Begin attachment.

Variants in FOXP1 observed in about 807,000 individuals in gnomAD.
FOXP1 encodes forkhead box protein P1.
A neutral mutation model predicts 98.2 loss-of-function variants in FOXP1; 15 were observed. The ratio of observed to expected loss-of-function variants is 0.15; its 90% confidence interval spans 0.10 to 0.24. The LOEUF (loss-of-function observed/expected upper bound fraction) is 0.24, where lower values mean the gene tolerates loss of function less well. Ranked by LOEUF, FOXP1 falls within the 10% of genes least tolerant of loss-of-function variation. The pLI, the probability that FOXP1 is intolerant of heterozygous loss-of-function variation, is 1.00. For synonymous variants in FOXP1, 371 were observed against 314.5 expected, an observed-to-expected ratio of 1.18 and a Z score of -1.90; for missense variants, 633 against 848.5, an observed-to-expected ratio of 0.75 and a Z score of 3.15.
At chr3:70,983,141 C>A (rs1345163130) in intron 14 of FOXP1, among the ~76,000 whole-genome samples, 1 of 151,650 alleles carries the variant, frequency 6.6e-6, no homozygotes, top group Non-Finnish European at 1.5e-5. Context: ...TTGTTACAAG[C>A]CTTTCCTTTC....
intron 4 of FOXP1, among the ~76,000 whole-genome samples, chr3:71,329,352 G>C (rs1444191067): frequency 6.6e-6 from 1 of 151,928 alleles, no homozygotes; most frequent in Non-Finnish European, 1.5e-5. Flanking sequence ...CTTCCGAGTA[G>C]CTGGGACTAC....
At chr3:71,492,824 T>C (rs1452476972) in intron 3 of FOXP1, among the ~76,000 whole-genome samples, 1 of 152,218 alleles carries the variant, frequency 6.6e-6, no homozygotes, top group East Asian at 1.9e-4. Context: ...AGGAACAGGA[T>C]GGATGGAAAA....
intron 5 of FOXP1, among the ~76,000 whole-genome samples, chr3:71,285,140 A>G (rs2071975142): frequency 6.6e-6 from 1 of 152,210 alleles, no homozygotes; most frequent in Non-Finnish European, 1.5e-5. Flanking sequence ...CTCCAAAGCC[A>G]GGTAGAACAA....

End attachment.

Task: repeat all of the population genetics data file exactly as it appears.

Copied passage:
Variants in FOXP1 observed in about 807,000 individuals in gnomAD.
FOXP1 encodes forkhead box protein P1.
A neutral mutation model predicts 98.2 loss-of-function variants in FOXP1; 15 were observed. The ratio of observed to expected loss-of-function variants is 0.15; its 90% confidence interval spans 0.10 to 0.24. The LOEUF (loss-of-function observed/expected upper bound fraction) is 0.24, where lower values mean the gene tolerates loss of function less well. Ranked by LOEUF, FOXP1 falls within the 10% of genes least tolerant of loss-of-function variation. The pLI, the probability that FOXP1 is intolerant of heterozygous loss-of-function variation, is 1.00. For synonymous variants in FOXP1, 371 were observed against 314.5 expected, an observed-to-expected ratio of 1.18 and a Z score of -1.90; for missense variants, 633 against 848.5, an observed-to-expected ratio of 0.75 and a Z score of 3.15.
At chr3:70,983,141 C>A (rs1345163130) in intron 14 of FOXP1, among the ~76,000 whole-genome samples, 1 of 151,650 alleles carries the variant, frequency 6.6e-6, no homozygotes, top group Non-Finnish European at 1.5e-5. Context: ...TTGTTACAAG[C>A]CTTTCCTTTC....
intron 4 of FOXP1, among the ~76,000 whole-genome samples, chr3:71,329,352 G>C (rs1444191067): frequency 6.6e-6 from 1 of 151,928 alleles, no homozygotes; most frequent in Non-Finnish European, 1.5e-5. Flanking sequence ...CTTCCGAGTA[G>C]CTGGGACTAC....
At chr3:71,492,824 T>C (rs1452476972) in intron 3 of FOXP1, among the ~76,000 whole-genome samples, 1 of 152,218 alleles carries the variant, frequency 6.6e-6, no homozygotes, top group East Asian at 1.9e-4. Context: ...AGGAACAGGA[T>C]GGATGGAAAA....
intron 5 of FOXP1, among the ~76,000 whole-genome samples, chr3:71,285,140 A>G (rs2071975142): frequency 6.6e-6 from 1 of 152,210 alleles, no homozygotes; most frequent in Non-Finnish European, 1.5e-5. Flanking sequence ...CTCCAAAGCC[A>G]GGTAGAACAA....